I'll Sleep When I'm Dead

My insomnia is so bad I’m terrified that not even death will be able to knock me out

At night, when I curl up in bed next to The Husband and turn out the light, I hope that this will be the night when I get lucky. The special night I've been dreaming of. The night when I fall asleep before he starts snoring.

It never happens.

The late rocker Warren Zevon famously quipped, "I'll sleep when I'm dead." Though, as far as I know, Zevon, who died in 2003, hasn't sent back word from the Other Side, my insomnia is so bad I'm terrified that not even death will be able to knock me out.

Every night, it's the same scenario: The Husband and I get into bed sometime between 10:30 and 11. He reads half a page in his 1,276-page book (I'm not kidding — he's been reading "The Count of Monte Cristo" practically since we got married 30 years ago). Then the tome drops from his hands onto the floor with a great thud, and he's snoring by the time it lands.

Meanwhile, over on my side of the bed, I'm reading too. Usually I go for the most arcane article in the latest issue of The New Yorker, on the theory that boring and/or hard to follow is the best sleep medicine — definitely better than the drugs I too often (OK, pretty much every night) resort to. And, mirabile dictu, it is! After maybe ten minutes, my eyelids grow heavy and start to flutter, and the magazine drops to the floor. Nearly asleep, I turn off my bedside light and …

Boing! I'm wide awake! My bodymind seems to have its own agenda. My heart quickens and pings around in my chest, while the mind is off to the races with its never-ending To-Do and To-Don't lists: check Google maps for directions to that restaurant where we have reservations three weeks from now and don't forget to call the termite people to schedule the annual inspection due in two months — you know, the really important stuff.

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Here are some things I've tried to help me fall asleep: hot baths, sleep masks, white noise machines, Reiki, soothing spiritual tapes, herbs, acupuncture, yoga, meditation, massage therapy, blackout shades, hypnosis and the occasional aura reading.

Sometimes, I try counting backwards by seven, which I read once is a good trick for quieting the sleep-resistant mind. Only, I've gotten so good at it that it doesn't work anymore, even when I start at 500. I used to get up and go downstairs and make myself a nice piece of toast — my preferred non-pharmacological soporific. But that's no fun since I've gone gluten-free and the only bread available to me tastes like sawdust soaked in Elmer's glue. I also try talking myself down, like a wise parent to her fearful child: "You're safe. I've got you. There's nothing to be afraid of. Just let go, your body knows how to sleep."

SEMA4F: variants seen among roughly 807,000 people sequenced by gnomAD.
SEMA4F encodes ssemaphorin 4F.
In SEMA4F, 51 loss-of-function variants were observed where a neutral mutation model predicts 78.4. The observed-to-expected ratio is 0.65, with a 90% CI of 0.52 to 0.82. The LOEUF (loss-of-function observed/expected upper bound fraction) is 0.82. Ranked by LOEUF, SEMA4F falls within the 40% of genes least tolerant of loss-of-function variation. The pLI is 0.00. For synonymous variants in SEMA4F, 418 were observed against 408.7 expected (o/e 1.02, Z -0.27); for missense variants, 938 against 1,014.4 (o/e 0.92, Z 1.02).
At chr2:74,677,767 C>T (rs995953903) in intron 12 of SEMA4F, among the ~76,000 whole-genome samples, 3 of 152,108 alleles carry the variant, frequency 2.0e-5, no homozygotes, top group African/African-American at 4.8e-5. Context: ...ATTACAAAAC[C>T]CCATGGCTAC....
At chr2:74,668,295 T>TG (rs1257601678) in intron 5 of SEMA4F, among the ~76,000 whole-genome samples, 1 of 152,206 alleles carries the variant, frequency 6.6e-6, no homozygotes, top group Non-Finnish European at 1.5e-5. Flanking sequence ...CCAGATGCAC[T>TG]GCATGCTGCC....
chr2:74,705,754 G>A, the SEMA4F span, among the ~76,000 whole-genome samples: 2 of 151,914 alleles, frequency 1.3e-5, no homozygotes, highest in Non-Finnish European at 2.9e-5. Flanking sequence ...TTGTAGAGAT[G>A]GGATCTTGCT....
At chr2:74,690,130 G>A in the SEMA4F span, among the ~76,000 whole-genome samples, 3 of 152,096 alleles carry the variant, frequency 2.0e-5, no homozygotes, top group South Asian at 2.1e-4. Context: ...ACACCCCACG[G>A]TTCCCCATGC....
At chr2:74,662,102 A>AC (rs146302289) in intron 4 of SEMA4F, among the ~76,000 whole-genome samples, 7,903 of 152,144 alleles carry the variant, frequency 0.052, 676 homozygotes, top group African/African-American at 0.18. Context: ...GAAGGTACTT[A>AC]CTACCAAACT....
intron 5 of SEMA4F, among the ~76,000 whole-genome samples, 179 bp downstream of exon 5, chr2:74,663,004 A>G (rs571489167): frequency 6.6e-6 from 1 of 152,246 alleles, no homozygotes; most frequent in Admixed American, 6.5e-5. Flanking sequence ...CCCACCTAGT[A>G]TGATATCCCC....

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Eventually, I pop the pill I worry is rotting my brain. While I wait for it to work its magic (and, honestly, it does seem like magic) I find myself wondering which is worse: the pill or not sleeping? The Dalai Lama has said, "Sleep is the best meditation," but then I've never been all that good at meditating, with my busy, busy mind.

I know that my insomnia is just free-floating existential anxiety that, like a heat-seeking missile, lands on whatever targets are within range: termite inspections, restaurant directions. Really, the fear of sleep is a fear of death. Deep down, I know this. It's as if the restless anxious mind believes it can stave off the inevitable.

In "Motherless Brooklyn," author Jonathan Lethem brilliantly describes this strategy: "The insomniac brain is a sort of conspiracy theorist as well, believing too much in its own paranoiac importance — as though if it were to blink, then doze, the world might be overrun by some encroaching calamity, which its obsessive musings are somehow fending off."

I take some solace from the fact that I'm not alone; the numbers are pretty staggering. Between 40-60% of Americans over age 60 experience insomnia, with women twice as likely as men to suffer from it. (Before she died at 95, my mother claimed not to have slept for 40 years.) Not only that, more than half of all Americans lose sleep due to stress and anxiety. Interesting fact, but not all that calming during 1 a.m. flopsweats.

Still, though I believe I've tried every sleep-inducing method known to humankind and then some, there is one technique I've yet to sample — so far, I have not attempted to read "The Count of Monte Cristo."

I think I just better buy my own copy.

Tags: aging